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I am developing a component based game engine in java, right now when i have changes to the components I need to rebuild and restart the editor for the changes to take effect (or i can use some limited hot code injection if the application is running in debug mode).

I am looking for a way to allow the user to modify the source of the components and reload them without having to restart the application (maybe just exit and enter game mode instead). Also a important feature that I need is that the final exported code should be native Java code(so no interpreter should be used in the final result)).

Can you give me any pointers on how to integrate the beanshell interpreter in the project? I can manually monitor the source folder for changes and feed the updated java classes to it, but how is the hotswap going to occur really?

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First of all, the title is a bit confusing. You don't need to integrate a BeanShell. What you actually need are:

  1. to define a proper architecture
  2. to use Java Compiler API in order to work with java classes

Architecture

Let's say you have an object graph. There are lots of objects, references, etc. So it will be really a tricky task to replace some instance with the new one. Instead of solving this problem you can hide dynamic part behind a "static" proxy. Proxy will handle all reloading stuff (including source folder monitoring).

Before reload:

enter image description here

After reload:

enter image description here

Having that done you can easily track changes and update dynamic part when needed.

Java Compiler API

Instead of using interpreted languages you can use Java, compiling it on the fly and loading using 'Class.forName()'. There are a lot of different examples due to the fact this approach was there for a while.

Here are some details:

  • My question was very specific, how to integrate beanshell to do the hot swapping , well nobody answered it. I don't want to manually recompile the code and manually manage the dynamic reloading, also worth noting is that having a proxy between the dynamic and static parts is a no go as it will incur extra overhead on the final devices (which include some old j2me devices). – Anton Banchev Dec 16 '14 at 8:27
  • Your answer looks most complete for other people with similar problems thats why I select it for the bounty. – Anton Banchev Dec 16 '14 at 8:29
0

Basically you want to implement extensibility or plugin design pattern. There are multiple ways to implement this scenario.

Which ever the component you want to allow someone else to reload the module, define an interface and implement your own implementation as a default one. For example, Here I am trying to provide a HelloInterface which each country can implement and load anytime,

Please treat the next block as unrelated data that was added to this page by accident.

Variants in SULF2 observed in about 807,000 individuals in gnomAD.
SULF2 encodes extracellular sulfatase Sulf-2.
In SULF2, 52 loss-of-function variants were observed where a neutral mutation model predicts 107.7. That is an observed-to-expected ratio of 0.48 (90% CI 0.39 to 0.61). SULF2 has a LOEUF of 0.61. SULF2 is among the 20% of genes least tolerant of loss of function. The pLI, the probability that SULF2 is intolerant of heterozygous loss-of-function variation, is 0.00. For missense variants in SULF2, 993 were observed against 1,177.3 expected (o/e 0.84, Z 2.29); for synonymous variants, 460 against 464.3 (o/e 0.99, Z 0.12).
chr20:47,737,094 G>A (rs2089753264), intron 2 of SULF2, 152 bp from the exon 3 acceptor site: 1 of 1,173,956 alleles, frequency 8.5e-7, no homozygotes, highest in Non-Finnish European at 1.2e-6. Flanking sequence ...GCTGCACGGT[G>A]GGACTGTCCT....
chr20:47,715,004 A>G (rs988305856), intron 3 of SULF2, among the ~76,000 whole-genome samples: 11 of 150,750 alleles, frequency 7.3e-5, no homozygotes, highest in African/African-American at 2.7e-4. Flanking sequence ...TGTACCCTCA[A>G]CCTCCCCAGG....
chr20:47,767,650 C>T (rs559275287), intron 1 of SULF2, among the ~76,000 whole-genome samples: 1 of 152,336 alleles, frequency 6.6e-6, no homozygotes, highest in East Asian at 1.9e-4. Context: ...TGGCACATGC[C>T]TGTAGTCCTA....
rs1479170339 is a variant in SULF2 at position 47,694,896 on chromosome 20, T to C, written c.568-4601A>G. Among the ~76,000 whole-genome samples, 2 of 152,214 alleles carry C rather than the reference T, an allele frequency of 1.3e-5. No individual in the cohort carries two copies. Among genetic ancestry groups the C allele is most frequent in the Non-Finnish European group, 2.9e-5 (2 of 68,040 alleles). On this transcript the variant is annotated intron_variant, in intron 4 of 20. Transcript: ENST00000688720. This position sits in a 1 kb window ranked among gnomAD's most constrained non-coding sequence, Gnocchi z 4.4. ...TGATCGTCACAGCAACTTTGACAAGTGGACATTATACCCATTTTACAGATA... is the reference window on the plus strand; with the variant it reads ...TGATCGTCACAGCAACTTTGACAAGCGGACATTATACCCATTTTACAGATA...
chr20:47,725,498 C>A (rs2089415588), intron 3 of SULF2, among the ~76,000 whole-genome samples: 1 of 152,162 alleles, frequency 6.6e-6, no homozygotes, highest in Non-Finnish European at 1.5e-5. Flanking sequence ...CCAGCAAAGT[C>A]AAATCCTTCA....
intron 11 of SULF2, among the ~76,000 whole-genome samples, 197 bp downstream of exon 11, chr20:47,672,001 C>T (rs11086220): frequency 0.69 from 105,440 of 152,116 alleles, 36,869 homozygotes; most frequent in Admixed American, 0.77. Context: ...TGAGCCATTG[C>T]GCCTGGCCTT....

public interface HelloInterface {

    public String sayHello(String input);
    ..   
 }

 public class HelloImplDefault implements HelloInterface {

    public String sayHello(String input) {
         return "Hello World";
    }
 }

Now allow user to add a plugin (custom implementation) files to a pre-configured path. You can either user FileSystemWatcher or a background thread to scan this path and try to compile and load the file.

To compile java file,

    private void  compile(List<File> files) throws IOException{


        JavaCompiler compiler = ToolProvider.getSystemJavaCompiler();
        DiagnosticCollector<JavaFileObject> diagnostics = new DiagnosticCollector<JavaFileObject>();
        StandardJavaFileManager fileManager = compiler.getStandardFileManager(diagnostics, null, null);
        Iterable<? extends JavaFileObject> compilationUnits = fileManager
            .getJavaFileObjectsFromFiles(files);
        JavaCompiler.CompilationTask task = compiler.getTask(null, fileManager, diagnostics, null,
            null, compilationUnits);
        boolean success = task.call();
        fileManager.close();

}

To load class file,

private void load(List<File> files) throws MalformedURLException, InstantiationException, IllegalAccessException, ClassNotFoundException{

     ClassLoader cl = Thread.currentThread().getContextClassLoader();

    for(File f: files){
        if(f.getName().endsWith(".class") && !loadedClass.contains(f.getName())){
             URL url = f.toURL();
             URL[] urls = new URL[]{url};
             Object obj = cl.loadClass(f.getName().replace(".class", "")).newInstance();
             if(obj instanceof HelloInterface){
                 HelloProviders.addProvider((HelloInterface)obj);
                 System.out.println("Loaded "+ ((HelloInterface)obj).getProviderName());
             }else{
                 //Add more classes if you want
             }
             loadedClass.add(f.getName());
        }
    }
}

At this point you can read custom implementation and loaded in system class loader. Now you are ready to go. There are security implications to this approach which you need learn from internet.

I implemented one sample code and posted in github, please take a look. Happy coding!

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Take a look at the tapestry-ioc inversion of control container which supports live-reloading.

When in development mode (tapestry.production-mode=false) you can live reload your services. Note that if a service interface changes, you will need a restart. But any changes to the service implementation that do not alter the service interface can be live-reloaded.

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